Morojele NK, Kachieng'a MA, Mokoko E, et al. Alcohol use and sexual behaviour among risky drinkers and bar and shebeen patrons in Gauteng province, South Africa
Department of Psychology, Stellenbosch University, Johannesburg, Gauteng, South AfricaSocial Science & Medicine (Impact Factor: 2.89). 02/2006; 62(1):217-27. DOI: 10.1016/j.socscimed.2005.05.031
This paper describes the South Africa component of a World Health Organization multi-site rapid assessment and response project seeking to develop a methodology for studying factors associated with alcohol use-related sexual risk behaviour in diverse cultural settings. This report focuses on the qualitative assessments that were conducted in order to profile alcohol use and sexual behaviour in the communities concerned, ascertain the relationships between alcohol use and sexual behaviour, and develop a conceptual model of the relationships between alcohol use and sexual risk behaviour. The participants consisted of adults aged between 25 and 44 years in a township and city site in Gauteng province. The assessments involved conducting 18 key informant interviews, observations in seven drinking venues, six focus groups and 16 in-depth interviews of 'risky drinkers' and their partners. Most participants felt that there were high levels of alcohol consumption and unprotected sex among some members of their communities, with the latter occurring mainly among casual sexual partners. The findings also pointed to strong links between alcohol consumption and sexual risk behaviour. A conceptual model of the association between alcohol use and risky sexual behaviour is proposed. This study suggests a need for multi-faceted HIV intervention strategies for reducing levels of alcohol abuse in general, and enhancing protective sexual behaviours among alcohol-using populations.
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- "Although previous research has been valuable in identifying some aspects of how alcohol increases the risk of sexual risk behavior in drinking settings (Carey et al., 2011; Kalichman et al., 2008; Morojele et al., 2006; Townsend et al., 2010; Watt, Aunon, Skinner, Sikkema, MacFarlane, et al., 2012), further research is needed to give a more in-depth understanding of men's involvement in such behaviors from a gender perspective . We extend previous research by examining the role of alcohol and sexual risk behavior from the perspectives of two prominent theories of gender: the theory of gender and power (Connell, 1987; Connell, 2000) and ambivalent sexism theory (Glick & Fiske, 1996, 2001, 2011; Glick et al., 2000). "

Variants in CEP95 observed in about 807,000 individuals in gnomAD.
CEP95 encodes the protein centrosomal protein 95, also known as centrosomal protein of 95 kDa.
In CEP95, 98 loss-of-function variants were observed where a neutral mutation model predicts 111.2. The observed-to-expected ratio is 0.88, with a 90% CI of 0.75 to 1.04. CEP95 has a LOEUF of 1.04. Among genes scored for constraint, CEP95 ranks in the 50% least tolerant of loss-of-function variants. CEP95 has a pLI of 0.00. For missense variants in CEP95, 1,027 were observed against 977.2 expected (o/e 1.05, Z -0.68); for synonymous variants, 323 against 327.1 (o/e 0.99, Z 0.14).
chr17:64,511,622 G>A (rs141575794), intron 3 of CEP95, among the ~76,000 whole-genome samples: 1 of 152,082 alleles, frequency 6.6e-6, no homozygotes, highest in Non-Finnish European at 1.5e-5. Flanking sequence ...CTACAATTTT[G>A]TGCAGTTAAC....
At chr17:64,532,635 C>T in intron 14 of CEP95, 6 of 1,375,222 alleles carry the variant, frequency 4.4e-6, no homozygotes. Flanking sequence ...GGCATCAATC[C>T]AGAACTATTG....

ABSTRACT: Alcohol consumption is strongly associated with sexual risk behavior and HIV infection in sub-Saharan Africa. This article seeks to explore the role of constructions of masculinity in men's drinking and sexual risk behavior in drinking venues (bars and taverns) in 2 rural villages of North West Province, South Africa. Ten focus groups were conducted with 58 bar patrons and servers. Four focus groups consisted of female bar patrons, 4 consisted of male bar patrons, and 2 consisted of male bar managers and servers. The participants' ages ranged from 18 to 43 years, and they were interviewed using focus group discussion guides with open-ended questions. Key themes identified through thematic analysis were (a) men's high levels of alcohol consumption, (b) men's tendency to blame women for men's proneness to risky sex when drinking, (c) men's sexual objectification of women, and (d) the far-reaching consequences of sexism and violence perpetrated by men. Policies to promote gender equality are needed to ensure that men are more gender-sensitive, engage in more balanced gender relationships, and do not uphold any destructive gender stereotypes.Psychology of Men & Masculinity 10/2015; 16(4). DOI:10.1037/a0038871 · 2.08 Impact Factor
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- "In addition, other unmeasured factors, such as personality characteristics or new traumatic experiences, could be driving the joint and bi-directional changes in distress and alcohol use. Finally, the sample was non-random, so caution is warranted about generalizing findings to all South African women who drink, especially women who do not attend venues, such as older women who tend to be less likely to attend venues than younger women . "